Bryan Atsatt, who is House Harkonnen’s representative on the JSR 277 expert group, has been doing a lot of work trying to bring the two warring parties together and not simply salvage the relationship but to turn the momentum around and spark a new found friendship between the two.
His first post on his new blog is dedicated to this premise, JSR 277 Could Be Great for OSGi
The initial spec actually has two separate parts: an api/framework, and an implementation with a new distribution format. Unfortunately, these are presented in a way that seriously blurs the distinction. Worse, the new distribution format (“.jam” files) often takes center stage.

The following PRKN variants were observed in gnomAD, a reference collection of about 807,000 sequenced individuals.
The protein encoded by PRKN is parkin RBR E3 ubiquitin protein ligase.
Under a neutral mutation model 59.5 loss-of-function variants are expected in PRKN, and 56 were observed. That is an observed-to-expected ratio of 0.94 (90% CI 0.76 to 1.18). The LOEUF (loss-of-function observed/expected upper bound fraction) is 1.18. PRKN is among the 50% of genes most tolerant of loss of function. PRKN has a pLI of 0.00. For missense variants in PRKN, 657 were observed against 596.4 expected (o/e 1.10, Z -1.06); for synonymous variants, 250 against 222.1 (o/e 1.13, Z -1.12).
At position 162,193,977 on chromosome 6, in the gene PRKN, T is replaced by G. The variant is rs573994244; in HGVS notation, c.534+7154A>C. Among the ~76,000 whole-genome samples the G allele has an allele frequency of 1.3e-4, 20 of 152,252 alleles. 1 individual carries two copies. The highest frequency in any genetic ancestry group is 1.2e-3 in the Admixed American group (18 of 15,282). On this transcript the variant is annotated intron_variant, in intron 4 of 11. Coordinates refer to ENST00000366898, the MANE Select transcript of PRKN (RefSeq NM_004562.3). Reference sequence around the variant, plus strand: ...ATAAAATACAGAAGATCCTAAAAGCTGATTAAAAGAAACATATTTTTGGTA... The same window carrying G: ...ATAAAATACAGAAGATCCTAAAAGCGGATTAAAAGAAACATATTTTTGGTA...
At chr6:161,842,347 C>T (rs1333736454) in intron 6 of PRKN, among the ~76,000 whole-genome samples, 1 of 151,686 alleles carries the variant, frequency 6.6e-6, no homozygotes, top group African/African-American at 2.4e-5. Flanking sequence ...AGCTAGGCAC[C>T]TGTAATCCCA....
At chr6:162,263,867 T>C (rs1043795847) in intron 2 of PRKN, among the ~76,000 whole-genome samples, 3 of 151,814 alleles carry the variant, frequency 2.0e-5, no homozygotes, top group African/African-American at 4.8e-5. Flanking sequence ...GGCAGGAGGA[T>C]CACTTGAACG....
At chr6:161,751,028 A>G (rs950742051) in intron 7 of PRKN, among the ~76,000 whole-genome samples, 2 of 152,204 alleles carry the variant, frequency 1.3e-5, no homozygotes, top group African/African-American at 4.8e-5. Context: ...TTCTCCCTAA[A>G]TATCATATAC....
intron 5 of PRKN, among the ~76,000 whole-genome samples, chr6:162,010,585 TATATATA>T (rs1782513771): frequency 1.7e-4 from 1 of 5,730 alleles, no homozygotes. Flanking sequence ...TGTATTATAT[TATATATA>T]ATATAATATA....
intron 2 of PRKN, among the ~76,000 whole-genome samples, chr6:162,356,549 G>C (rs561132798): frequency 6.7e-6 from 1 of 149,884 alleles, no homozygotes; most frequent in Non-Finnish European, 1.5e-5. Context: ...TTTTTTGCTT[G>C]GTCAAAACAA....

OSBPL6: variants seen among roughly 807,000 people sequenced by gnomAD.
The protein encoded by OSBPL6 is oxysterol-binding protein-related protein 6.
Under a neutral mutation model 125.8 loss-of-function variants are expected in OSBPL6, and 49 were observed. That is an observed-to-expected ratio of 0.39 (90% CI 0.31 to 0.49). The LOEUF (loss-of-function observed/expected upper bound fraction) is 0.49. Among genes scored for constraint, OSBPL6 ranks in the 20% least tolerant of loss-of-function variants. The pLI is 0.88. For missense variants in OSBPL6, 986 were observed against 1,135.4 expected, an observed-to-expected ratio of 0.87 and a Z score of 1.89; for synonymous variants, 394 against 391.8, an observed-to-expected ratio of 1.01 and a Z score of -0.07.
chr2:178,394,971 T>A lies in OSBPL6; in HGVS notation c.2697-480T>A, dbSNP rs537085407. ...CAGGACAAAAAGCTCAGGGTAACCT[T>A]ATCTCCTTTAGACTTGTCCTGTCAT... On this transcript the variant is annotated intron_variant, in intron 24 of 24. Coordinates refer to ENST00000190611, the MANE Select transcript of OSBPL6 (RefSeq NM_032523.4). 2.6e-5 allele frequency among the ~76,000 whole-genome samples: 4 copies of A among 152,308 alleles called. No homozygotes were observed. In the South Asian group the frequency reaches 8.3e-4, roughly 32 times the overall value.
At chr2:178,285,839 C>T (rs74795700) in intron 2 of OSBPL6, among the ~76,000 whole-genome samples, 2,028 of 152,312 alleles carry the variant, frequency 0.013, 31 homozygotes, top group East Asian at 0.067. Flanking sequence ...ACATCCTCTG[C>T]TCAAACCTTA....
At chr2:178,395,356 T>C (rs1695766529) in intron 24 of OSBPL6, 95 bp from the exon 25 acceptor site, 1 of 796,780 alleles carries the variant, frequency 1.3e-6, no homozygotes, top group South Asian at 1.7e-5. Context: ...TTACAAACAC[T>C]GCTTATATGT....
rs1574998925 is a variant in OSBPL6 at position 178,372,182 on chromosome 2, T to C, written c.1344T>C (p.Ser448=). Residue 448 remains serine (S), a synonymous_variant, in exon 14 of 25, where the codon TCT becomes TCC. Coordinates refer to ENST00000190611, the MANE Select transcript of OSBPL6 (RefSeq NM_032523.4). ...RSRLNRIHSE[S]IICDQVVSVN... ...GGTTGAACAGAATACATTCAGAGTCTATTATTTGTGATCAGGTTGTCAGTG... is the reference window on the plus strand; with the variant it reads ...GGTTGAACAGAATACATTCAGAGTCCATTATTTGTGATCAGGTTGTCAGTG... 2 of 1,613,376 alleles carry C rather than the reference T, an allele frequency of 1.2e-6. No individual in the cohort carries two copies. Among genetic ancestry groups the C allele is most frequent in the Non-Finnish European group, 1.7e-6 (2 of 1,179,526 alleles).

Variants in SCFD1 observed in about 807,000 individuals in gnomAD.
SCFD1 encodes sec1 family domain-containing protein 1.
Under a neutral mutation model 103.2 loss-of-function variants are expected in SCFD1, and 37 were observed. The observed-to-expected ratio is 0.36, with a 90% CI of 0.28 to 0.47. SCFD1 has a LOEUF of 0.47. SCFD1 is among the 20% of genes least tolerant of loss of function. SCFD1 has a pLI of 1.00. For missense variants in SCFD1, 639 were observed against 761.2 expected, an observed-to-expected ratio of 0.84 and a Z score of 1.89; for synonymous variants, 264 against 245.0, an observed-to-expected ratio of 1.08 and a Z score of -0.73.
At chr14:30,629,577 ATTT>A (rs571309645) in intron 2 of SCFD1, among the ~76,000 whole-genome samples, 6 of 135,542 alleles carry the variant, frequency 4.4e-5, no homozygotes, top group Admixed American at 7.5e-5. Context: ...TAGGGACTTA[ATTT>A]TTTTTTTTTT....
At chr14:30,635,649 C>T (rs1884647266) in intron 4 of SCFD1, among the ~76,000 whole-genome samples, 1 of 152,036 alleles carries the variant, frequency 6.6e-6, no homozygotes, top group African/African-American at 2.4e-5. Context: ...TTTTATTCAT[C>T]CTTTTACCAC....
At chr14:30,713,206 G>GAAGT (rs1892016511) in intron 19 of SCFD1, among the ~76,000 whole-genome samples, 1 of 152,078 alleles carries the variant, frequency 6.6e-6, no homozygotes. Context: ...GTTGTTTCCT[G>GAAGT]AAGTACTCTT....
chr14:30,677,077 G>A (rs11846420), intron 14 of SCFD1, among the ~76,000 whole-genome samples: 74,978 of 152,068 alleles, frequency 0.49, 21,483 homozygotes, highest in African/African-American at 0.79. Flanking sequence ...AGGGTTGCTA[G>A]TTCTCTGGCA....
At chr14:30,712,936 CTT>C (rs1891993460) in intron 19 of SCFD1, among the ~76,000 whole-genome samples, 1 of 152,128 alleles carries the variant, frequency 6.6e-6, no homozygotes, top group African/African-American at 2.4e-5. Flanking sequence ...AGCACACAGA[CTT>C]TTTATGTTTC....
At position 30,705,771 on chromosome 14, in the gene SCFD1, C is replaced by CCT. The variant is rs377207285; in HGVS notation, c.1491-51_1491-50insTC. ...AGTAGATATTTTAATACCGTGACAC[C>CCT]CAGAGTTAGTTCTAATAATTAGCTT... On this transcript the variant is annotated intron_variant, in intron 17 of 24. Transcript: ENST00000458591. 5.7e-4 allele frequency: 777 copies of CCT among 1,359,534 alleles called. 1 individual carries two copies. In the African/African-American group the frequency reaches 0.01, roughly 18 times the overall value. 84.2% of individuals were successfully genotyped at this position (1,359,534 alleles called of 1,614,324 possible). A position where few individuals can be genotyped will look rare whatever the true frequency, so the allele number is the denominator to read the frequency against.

The emPHAsis is on the wrong syLLAble.
The api/framework layer must be the primary focus of the JSR 277 specification, providing a coherent compile/runtime model that enables multiple implementations. Specific implementations, while required to surface framework/api issues, should be documented in appendices or even separate specs.
If the EDR spec had been written from this perspective, we probably would have avoided most of the current animosity. We can and should fix this in the next draft release. Implementations can then be seen on equal footing. More importantly, they can be left to compete on their own merits.
Not everyone wants or needs OSGi, and the new .jam implementation may be right for them.
But we know that there will be LOTS of bundles around when SE 7 ships, vastly outnumbering .jam files, so we need an OSGi implementation. ASAP. Built by OSGi insiders. Without it, we cannot have confidence that the api/framework abstractions are right or complete. With it, we not only gain spec validation but have a ready-made solution for using bundles on SE 7.
Give it a read.